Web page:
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Dudbridge Locks Restoration Report No.2

Dudbridge Locks – Scaffolding, bricklaying and a discovery

Both lock chambers have been cleared of vegetation and filled with scaffolding. The first team of bricklayers are busy practising their ancient arts on Foundry Lock.

Ancient arts

Father & son team Pete and Arthur Levett are from Swindon. Their ancient arts are typified by their use of traditional lime mortar. Lime mortar possesses properties necessary to lay bricks that will be covered in water for much of the time.

Ancient & modern

Pete Levett confirmed that the work carried out by the 1700’s bricklayers was of a good standard. Pete explained that he and son Arthur would be matching that standard.
“It is just that bit easier for us I suppose because we have an electric cement mixer, otherwise the job is just the same. We are even using their original bricks where we can.”

Chris Spencer explained that the lock chamber walls will require a variety of remedial work… “It ranges from the simple repointing of the existing brickwork and replacing a few courses of bricks right through to the removal of whole sections to put right cavities that have developed behind the brickwork."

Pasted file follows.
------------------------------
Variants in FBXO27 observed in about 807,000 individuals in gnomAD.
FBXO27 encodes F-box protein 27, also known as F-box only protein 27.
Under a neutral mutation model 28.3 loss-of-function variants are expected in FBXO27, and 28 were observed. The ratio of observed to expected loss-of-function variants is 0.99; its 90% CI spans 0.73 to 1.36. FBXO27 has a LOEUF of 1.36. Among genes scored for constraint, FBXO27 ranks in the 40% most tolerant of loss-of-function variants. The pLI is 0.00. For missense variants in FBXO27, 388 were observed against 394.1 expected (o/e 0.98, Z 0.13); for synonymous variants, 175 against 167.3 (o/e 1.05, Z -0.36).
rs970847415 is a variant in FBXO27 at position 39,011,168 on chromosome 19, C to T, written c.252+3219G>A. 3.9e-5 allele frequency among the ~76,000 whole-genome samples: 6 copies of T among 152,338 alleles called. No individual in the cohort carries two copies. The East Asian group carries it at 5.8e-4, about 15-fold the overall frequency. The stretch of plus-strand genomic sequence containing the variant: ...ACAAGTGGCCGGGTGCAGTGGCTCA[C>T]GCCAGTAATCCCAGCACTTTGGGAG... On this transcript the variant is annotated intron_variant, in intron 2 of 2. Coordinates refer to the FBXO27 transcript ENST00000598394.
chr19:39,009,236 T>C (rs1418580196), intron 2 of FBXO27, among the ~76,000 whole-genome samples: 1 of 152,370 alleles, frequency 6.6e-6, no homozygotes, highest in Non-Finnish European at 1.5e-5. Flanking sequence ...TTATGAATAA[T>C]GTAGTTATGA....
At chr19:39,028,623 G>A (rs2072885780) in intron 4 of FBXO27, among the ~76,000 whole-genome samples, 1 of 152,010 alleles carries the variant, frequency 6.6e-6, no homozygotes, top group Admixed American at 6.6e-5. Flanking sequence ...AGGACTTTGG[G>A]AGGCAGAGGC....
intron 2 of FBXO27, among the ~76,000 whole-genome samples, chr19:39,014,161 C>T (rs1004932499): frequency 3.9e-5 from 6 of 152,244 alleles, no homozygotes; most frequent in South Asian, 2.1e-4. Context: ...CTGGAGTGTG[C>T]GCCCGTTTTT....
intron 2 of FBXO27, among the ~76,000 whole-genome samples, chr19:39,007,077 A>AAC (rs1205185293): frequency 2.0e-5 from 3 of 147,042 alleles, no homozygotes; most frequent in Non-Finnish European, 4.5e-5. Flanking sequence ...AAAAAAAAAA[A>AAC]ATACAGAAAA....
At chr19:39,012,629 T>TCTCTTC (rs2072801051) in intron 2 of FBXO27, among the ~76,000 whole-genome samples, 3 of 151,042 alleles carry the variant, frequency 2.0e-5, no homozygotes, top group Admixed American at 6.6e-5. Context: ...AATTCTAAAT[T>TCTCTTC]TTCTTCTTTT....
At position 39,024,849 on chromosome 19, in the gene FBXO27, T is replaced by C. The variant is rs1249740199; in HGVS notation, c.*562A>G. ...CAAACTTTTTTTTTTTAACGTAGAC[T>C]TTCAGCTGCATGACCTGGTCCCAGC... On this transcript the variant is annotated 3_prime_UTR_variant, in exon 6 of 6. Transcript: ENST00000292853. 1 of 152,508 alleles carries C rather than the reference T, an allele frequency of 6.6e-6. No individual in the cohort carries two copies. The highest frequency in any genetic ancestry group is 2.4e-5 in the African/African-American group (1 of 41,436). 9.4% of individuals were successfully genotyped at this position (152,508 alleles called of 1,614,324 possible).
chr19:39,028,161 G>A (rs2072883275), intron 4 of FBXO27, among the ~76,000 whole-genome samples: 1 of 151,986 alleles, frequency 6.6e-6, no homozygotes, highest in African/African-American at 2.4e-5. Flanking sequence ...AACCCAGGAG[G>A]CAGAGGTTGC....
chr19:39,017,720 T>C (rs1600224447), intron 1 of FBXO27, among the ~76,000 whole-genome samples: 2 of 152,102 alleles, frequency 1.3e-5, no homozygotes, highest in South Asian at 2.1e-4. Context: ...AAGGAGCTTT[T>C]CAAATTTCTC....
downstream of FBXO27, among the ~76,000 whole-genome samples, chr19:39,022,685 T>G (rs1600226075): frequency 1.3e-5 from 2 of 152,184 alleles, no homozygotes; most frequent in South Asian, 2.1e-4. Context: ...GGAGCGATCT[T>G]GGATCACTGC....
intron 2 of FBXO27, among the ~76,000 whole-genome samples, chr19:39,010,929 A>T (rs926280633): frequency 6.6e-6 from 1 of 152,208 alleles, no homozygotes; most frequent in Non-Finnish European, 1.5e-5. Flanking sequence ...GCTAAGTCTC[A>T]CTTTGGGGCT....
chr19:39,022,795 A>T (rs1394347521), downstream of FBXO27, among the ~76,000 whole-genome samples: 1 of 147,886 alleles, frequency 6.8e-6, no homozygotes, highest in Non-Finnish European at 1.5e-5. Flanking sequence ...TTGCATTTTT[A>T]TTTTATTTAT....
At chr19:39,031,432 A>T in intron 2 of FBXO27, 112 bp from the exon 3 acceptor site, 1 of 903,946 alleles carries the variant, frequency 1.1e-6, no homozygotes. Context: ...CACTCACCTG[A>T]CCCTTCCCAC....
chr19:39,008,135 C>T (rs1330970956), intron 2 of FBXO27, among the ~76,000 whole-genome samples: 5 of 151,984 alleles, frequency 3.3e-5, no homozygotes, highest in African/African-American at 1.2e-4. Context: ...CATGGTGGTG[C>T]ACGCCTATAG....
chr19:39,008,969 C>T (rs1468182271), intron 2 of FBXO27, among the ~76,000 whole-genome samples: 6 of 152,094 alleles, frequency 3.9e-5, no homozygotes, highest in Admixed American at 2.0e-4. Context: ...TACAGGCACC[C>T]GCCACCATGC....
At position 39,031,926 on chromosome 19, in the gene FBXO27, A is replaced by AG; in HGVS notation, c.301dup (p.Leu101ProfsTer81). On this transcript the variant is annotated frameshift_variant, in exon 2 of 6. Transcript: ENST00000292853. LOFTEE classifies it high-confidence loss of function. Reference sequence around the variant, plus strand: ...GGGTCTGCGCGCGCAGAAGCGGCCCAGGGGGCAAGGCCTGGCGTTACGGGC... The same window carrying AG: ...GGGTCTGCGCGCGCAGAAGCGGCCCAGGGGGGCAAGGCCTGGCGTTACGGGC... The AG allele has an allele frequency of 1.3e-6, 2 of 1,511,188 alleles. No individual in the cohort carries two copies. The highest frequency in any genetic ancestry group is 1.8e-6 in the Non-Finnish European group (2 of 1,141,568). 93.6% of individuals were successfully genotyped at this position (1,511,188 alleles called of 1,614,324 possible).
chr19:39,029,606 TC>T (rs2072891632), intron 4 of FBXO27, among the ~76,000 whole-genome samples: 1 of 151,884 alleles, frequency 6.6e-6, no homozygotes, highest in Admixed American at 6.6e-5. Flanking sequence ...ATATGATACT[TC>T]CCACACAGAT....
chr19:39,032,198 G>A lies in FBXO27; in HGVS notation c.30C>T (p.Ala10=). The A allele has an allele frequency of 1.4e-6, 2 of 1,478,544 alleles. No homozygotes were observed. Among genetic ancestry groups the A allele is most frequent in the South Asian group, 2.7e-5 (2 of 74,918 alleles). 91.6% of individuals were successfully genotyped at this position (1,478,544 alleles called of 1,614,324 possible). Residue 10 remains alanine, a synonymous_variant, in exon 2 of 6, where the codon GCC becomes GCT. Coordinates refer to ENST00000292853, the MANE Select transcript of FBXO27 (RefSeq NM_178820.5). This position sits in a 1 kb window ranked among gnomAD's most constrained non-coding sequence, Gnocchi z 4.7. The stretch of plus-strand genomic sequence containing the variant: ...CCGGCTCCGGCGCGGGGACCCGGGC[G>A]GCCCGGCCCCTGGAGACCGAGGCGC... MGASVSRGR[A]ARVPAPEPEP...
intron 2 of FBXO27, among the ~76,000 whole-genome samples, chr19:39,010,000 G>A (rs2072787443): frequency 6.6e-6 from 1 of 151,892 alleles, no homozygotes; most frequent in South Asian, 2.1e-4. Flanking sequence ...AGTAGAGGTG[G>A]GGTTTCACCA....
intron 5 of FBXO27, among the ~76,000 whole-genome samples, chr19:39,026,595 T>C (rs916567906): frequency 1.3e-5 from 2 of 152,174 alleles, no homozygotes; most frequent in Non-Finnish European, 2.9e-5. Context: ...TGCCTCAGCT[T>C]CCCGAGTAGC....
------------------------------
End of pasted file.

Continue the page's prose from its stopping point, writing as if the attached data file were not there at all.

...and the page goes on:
Hammering & hearing

Chris has identified the range and location of the remedial work using his hearing and hammering skills to drive a system of colour coded nails into the brickwork. White painted nails for repointing, yellow for brick replacement and red for complete rebuild.

Video record

Chris and his chiming hammer can be seen and heard by clicking on the YouTube icon on this site’s welcome page. 

Robert Paget is making a video record of this part of the restoration. Keep an eye out for the yellow wagtails hopping happily about the work in progress.


Clearing the vegetation and preparation for bricklaying has revealed that Dudbridge Lock, (the lower chamber) was originally constructed of Cotswold stone. A brick facing was added at a later date.

Cost & supply

Land & Water’s Project Manager Chris Spencer explains… “The consideration of cost & supply that apply today also applied in the 1700’s. The original builders clearly opted for local limestone probably because it came cheaper than bricks. Water and frost over the years had the obvious effect on the porous stone so a skin of brick facing was applied some time later.”

Click here to view the full set of Mike Gallagher's photos taken on 30th August.

Click here to view Robert Pagetts latest video.